Now, let's look at some other teams who are having this same struggle, not knowing which quarterback they will eventually go with. Clemson comes to mind first. The Clemson fans are not the least bit interested in who the quarterback will be at Alabama. A large part of the football fans along the Southeastern Seaboard, especially the state of South Carolina, are beginning to act like Alabama fans.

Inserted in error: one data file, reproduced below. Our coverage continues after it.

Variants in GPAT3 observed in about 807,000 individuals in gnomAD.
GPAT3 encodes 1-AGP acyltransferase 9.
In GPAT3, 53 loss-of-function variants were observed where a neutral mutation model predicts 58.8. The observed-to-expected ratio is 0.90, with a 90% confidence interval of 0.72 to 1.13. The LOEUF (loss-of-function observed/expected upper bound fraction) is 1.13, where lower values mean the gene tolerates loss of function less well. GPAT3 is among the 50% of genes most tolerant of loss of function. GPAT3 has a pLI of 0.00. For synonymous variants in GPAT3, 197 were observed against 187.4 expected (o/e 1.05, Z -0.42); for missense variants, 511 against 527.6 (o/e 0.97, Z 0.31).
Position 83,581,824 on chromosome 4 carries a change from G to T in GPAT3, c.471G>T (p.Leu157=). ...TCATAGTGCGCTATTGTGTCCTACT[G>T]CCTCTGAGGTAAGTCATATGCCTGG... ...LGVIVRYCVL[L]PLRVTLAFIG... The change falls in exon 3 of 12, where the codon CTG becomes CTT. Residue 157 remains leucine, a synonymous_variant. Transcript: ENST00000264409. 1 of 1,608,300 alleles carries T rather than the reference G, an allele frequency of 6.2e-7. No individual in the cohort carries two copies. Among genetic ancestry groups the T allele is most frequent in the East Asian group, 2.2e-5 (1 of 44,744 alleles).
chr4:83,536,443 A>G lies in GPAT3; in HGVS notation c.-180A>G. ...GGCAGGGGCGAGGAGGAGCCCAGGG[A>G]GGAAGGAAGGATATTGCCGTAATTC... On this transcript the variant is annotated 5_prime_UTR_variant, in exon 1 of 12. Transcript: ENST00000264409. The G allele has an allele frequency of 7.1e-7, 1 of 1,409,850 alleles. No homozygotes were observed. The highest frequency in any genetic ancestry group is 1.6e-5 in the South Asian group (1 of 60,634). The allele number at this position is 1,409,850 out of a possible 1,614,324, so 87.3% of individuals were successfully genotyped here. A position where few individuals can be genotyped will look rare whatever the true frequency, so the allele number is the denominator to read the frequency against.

There is much consternation among these fans over who Clemson's quarterback will be. Kelly Bryant took Clemson to its second straight play-off following in the footsteps of Deshawn Watson, who edged Alabama in 2016. The 2017 play-off game did not go so well for Clemson. Alabama had their way with the Tigers in the semi-final game. How does Coach Dabo Swinney bench Kelly for a hot shot freshman, who incidentally has already caused two Clemson quarterbacks to transfer? True freshman Trevor Lawrence (6-5, 210 lbs.) has the ability to start at 90% of D-I schools. His best assets are his arm strength and maturity. With the latest success of the Clemson program under Swinny, the Clemson fan base is becoming as fanatical as Alabama's. The majority of the fans want Coach Swinney to kick Bryant down the road and start Lawrence. Does this sound familiar? This is just as big of a deal in South Carolina as Alabama's fan base wanting Saban to go with the Hawaiian Heisman candidate, Tua. Can you believe that some publications have placed Tagovailoa as high as fifth in the pre-season Heisman poll for 2018? He has never started a game!